The following film shows how your rollers should be positioned for achieving a smooth process of shipping in and out. The one one thing we want to avoid is any jerky or sudden movements. This can lead to spilled bait, tangled rigs and in extreme cases a broken section.


Obviously you may have to reach a compromise regarding the exact position of the rollers if you are going to be fishing the pole at different lengths during the day. If that is the case then I would have them closer to you than perfect for the longest length. And if the difference in lengths is going to be great, say five metres and sixteen metres then I would strongly recommend getting a third roller.
But as this is a beginner's guide I will assume for now that you will be using a shorter pole and probably not complicating matters by fishing multiple lengths at first.

If using a longer pole than the space behind allows for the whole thing to be shipped back in one length you will have to break the pole down at least twice when shipping in.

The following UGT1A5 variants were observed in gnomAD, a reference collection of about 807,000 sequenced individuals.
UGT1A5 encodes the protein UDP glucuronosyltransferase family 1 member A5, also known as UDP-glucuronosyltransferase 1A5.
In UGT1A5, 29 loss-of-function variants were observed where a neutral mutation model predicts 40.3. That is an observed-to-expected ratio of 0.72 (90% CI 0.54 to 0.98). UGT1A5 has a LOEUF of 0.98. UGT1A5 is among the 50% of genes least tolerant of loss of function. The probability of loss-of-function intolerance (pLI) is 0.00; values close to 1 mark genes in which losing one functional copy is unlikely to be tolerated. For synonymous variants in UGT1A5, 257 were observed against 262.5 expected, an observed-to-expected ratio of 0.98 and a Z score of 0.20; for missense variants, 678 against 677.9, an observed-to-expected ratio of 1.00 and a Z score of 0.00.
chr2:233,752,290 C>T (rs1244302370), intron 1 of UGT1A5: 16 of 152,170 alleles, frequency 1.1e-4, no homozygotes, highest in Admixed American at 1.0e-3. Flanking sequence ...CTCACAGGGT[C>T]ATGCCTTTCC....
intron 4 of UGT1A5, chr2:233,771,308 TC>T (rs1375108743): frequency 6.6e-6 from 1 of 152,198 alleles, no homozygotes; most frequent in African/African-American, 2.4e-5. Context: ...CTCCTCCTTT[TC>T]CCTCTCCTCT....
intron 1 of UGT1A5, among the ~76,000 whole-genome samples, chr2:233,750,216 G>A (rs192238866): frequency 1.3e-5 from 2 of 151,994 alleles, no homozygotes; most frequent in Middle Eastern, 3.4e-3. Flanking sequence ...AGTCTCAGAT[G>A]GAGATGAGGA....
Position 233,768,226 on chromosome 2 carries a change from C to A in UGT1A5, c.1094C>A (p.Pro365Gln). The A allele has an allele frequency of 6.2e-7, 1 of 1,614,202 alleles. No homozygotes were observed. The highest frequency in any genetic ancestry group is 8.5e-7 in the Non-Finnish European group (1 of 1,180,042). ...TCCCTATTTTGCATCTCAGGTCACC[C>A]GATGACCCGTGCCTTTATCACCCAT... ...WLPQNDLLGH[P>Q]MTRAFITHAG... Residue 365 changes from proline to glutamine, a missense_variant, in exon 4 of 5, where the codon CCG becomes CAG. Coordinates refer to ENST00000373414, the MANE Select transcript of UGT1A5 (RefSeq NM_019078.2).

I will also mention that the pole I was using in the video is the Maver Abyss X.  In section two of this guide I said that you don't have to spend big to start pole fishing.  This pole cost me less than £50.  It was the only pole I used that day and it accounted for around 50lb of fish ranging from roach to 8lb carp, skimmers and crucians. 

Setting Up The Rig
By now hopefully you will be sitting on your box with a topkit or two beside you and a pole sitting within easy reach on its rollers. Now is the time to attach a chosen rig to your topkit, add a hooklength and then attach a plummet.
To me a plummet is THE most essential tool in the pole angler's box after the pole and rigs themselves. To try and fish a pole without a plummet is foolish. You have wasted your money buying a pole if you have not spent the pennies required to get a plummet or two.